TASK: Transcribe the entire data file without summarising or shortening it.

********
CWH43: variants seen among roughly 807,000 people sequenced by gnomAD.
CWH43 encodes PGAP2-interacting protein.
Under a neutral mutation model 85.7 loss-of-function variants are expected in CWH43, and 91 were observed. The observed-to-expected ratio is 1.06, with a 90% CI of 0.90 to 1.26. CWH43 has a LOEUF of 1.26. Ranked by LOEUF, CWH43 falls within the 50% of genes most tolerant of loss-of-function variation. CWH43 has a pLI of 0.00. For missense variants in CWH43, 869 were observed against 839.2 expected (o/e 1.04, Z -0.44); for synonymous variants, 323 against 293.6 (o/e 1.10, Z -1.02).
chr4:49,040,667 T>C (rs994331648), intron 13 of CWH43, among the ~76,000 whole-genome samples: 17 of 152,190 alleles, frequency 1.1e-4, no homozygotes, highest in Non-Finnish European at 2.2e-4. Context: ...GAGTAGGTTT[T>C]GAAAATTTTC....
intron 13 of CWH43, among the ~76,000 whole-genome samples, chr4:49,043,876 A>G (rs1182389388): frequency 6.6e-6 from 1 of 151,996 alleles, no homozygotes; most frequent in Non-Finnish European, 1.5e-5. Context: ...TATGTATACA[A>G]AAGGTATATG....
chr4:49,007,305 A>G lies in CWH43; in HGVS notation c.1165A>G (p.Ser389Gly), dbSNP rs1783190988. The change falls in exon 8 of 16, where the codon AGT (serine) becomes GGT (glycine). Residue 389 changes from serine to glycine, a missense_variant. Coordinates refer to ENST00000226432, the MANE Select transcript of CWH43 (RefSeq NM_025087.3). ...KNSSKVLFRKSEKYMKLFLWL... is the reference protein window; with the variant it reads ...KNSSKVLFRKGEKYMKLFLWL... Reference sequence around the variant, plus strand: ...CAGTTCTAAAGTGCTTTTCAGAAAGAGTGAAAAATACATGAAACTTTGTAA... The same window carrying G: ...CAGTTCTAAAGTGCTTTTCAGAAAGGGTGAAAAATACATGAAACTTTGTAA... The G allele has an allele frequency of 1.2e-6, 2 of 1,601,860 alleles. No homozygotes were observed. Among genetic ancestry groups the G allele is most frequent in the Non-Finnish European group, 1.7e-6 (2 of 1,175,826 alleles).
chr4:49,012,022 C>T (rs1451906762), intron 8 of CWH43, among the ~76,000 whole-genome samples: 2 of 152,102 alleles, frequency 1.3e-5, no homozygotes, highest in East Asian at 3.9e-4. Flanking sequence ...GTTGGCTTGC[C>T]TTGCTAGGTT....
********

CWH43: variants seen among roughly 807,000 people sequenced by gnomAD.
CWH43 encodes PGAP2-interacting protein.
Under a neutral mutation model 85.7 loss-of-function variants are expected in CWH43, and 91 were observed. The observed-to-expected ratio is 1.06, with a 90% CI of 0.90 to 1.26. CWH43 has a LOEUF of 1.26. Ranked by LOEUF, CWH43 falls within the 50% of genes most tolerant of loss-of-function variation. CWH43 has a pLI of 0.00. For missense variants in CWH43, 869 were observed against 839.2 expected (o/e 1.04, Z -0.44); for synonymous variants, 323 against 293.6 (o/e 1.10, Z -1.02).
chr4:49,040,667 T>C (rs994331648), intron 13 of CWH43, among the ~76,000 whole-genome samples: 17 of 152,190 alleles, frequency 1.1e-4, no homozygotes, highest in Non-Finnish European at 2.2e-4. Context: ...GAGTAGGTTT[T>C]GAAAATTTTC....
intron 13 of CWH43, among the ~76,000 whole-genome samples, chr4:49,043,876 A>G (rs1182389388): frequency 6.6e-6 from 1 of 151,996 alleles, no homozygotes; most frequent in Non-Finnish European, 1.5e-5. Context: ...TATGTATACA[A>G]AAGGTATATG....
chr4:49,007,305 A>G lies in CWH43; in HGVS notation c.1165A>G (p.Ser389Gly), dbSNP rs1783190988. The change falls in exon 8 of 16, where the codon AGT (serine) becomes GGT (glycine). Residue 389 changes from serine to glycine, a missense_variant. Coordinates refer to ENST00000226432, the MANE Select transcript of CWH43 (RefSeq NM_025087.3). ...KNSSKVLFRKSEKYMKLFLWL... is the reference protein window; with the variant it reads ...KNSSKVLFRKGEKYMKLFLWL... Reference sequence around the variant, plus strand: ...CAGTTCTAAAGTGCTTTTCAGAAAGAGTGAAAAATACATGAAACTTTGTAA... The same window carrying G: ...CAGTTCTAAAGTGCTTTTCAGAAAGGGTGAAAAATACATGAAACTTTGTAA... The G allele has an allele frequency of 1.2e-6, 2 of 1,601,860 alleles. No homozygotes were observed. Among genetic ancestry groups the G allele is most frequent in the Non-Finnish European group, 1.7e-6 (2 of 1,175,826 alleles).
chr4:49,012,022 C>T (rs1451906762), intron 8 of CWH43, among the ~76,000 whole-genome samples: 2 of 152,102 alleles, frequency 1.3e-5, no homozygotes, highest in East Asian at 3.9e-4. Flanking sequence ...GTTGGCTTGC[C>T]TTGCTAGGTT....